- Life Style
Leaders of numerous youth organizations, calling themselves the Coalition of the Angry Youth Uprising, announced at a press conference today that they would not negotiate with the Mubarak regime until their demands for the president's ouster were met.
The group, which includes the 6 April protest movement, Young People for Justice and Freedom and the Muslim Brotherhood's youth wing, insist that the activists who met with newly-appointed Vice-President Omar Suleiman on Sunday did not represent them or those now in Tahrir Square.
“The people who negotiated with Suleiman only represent themselves. All the youths organizations are united in their position--no negotiations until Mubarak’s departure,” says 6 April leader Ahmed Maher.
Yasser al-Hawary, a Young People for Justice and Freedom member who attended the meeting with Suleiman, says he was only representing himself at the meeting--not the organization. He says that activists holding talks with the vice-president are not negotiating, but merely conveying their list of demands.
Al-Hawary says Suleiman had agreed at Sunday's meeting--in the presence of leading brotherhood member Saad al-Katatney and "Wise Men" committee member Naguib Sawiris, along with other public figures--to ensure the safety of the protesters in Tahrir Square and to stop the security crackdown on, and media campaigns against, the protesters.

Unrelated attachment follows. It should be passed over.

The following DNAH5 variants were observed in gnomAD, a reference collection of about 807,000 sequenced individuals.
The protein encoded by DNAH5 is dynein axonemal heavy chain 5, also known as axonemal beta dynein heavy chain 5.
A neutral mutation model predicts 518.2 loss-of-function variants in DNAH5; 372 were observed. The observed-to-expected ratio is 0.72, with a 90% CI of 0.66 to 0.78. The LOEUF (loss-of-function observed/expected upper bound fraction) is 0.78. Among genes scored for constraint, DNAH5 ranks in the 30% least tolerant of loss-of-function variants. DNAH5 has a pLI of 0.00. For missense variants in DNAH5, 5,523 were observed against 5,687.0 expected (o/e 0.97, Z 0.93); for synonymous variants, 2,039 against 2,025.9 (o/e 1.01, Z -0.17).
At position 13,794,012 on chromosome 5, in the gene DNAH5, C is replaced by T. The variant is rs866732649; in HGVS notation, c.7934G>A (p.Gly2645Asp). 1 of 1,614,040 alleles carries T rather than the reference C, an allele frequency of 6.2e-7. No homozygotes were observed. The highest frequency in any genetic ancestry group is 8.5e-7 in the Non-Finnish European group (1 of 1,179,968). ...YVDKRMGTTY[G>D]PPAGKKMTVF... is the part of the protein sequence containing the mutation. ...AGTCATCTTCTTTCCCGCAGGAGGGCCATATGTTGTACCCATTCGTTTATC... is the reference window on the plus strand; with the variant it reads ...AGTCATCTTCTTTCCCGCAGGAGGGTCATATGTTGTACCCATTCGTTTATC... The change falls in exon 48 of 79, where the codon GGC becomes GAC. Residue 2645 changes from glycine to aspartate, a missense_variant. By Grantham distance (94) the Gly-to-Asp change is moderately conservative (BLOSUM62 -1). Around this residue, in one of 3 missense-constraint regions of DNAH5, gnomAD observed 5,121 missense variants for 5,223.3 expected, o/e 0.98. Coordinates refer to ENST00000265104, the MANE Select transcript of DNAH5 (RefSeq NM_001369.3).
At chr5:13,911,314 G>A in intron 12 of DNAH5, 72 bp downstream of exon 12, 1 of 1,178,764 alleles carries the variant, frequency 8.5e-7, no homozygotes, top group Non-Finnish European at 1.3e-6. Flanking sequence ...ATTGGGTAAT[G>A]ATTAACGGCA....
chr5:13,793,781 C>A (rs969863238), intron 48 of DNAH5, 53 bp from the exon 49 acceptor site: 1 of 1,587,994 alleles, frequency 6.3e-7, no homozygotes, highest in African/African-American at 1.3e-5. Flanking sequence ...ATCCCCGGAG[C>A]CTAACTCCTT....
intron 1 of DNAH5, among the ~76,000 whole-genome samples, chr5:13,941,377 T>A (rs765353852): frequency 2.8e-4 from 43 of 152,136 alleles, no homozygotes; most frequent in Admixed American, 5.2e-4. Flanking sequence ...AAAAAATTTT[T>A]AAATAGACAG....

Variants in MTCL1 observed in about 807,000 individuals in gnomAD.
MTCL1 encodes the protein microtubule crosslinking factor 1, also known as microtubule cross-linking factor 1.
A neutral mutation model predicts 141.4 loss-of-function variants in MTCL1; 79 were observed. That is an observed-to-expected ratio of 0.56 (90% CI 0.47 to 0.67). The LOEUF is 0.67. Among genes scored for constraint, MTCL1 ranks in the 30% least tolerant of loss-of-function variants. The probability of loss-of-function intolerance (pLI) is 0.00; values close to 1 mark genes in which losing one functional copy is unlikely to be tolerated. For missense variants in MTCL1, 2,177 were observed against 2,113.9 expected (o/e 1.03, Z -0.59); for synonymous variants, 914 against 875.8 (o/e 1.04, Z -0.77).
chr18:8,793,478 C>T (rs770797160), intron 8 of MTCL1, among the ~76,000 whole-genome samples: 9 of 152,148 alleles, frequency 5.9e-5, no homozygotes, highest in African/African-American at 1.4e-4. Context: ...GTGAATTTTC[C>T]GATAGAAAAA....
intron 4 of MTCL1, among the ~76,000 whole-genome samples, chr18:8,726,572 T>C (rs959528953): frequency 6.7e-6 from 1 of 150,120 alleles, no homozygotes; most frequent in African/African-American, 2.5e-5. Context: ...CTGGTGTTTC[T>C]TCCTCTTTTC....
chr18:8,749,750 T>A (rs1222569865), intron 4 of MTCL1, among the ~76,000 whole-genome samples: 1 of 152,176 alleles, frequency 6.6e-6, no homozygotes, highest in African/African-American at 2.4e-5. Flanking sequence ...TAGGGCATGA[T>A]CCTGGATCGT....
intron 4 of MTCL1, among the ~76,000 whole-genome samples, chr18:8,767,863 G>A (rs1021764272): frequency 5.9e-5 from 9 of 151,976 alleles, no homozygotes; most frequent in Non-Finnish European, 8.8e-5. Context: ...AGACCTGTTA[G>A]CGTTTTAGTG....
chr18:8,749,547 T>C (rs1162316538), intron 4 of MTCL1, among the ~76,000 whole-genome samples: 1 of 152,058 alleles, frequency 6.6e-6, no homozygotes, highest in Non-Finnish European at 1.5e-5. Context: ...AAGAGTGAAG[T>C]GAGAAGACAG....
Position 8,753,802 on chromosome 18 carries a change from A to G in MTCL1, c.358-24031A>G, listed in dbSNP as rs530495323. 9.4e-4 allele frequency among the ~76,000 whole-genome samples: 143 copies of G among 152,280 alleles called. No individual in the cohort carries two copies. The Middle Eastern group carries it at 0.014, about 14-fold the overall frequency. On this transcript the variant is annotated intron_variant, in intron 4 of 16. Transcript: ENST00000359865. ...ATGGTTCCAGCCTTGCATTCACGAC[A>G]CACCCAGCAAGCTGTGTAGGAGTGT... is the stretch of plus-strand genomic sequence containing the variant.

Activist Shady al-Ghazaly Harb says that the agreement reached by those opposition representatives who met with Suleiman failed to meet demonstrators' minimum demands.
Activists, meanwhile, maintain that no one has the right to convince those now in Tahrir to leave--except through the realization of their demand for Mubarak's resignation. “The millions in the square don’t belong to anyone. If any organization withdrew from the streets right now, it would be their loss,” says one activist.
Maher says unknown people are appearing on television to speak on behalf of the youth organizations, while the regime has made it impossible for the media to reach actual members of these organizations by confiscating phones and detaining activists.
Along with Mubarak's ouster, activists' primary demands are the abolition of Egypt's longstanding Emergency Law and the dissolution of parliament.
“Someone who is responsible for killing 300 people and hurting another 3500 can’t stay in power,” says activist Zyad al-Eleimy. “There are now 4000 families who have a personal vendetta against the regime. Mubarak must leave to preserve national stability."
Young people are also calling for the formation of a "National Salvation Front" and the formation of a judicial committee to investigate last week’s security crisis, which led to the death and injury of thousands of protesters. They also demand that the army protect protesters in Tahrir Square from attacks by pro-regime thugs.
Maher blamed the regime for attempting to distort the image of the revolution through media campaigns and by applying economic pressure in an effort to turn the public against the uprising.
“The people must know that we're doing this for their sake. They should not think badly of us and--most importantly--they should not think badly of our martyrs,” he says.
Maher insists that, if Mubarak refuses to step down, the Tahrir Square protests would continue, and young people would take further escalatory measures.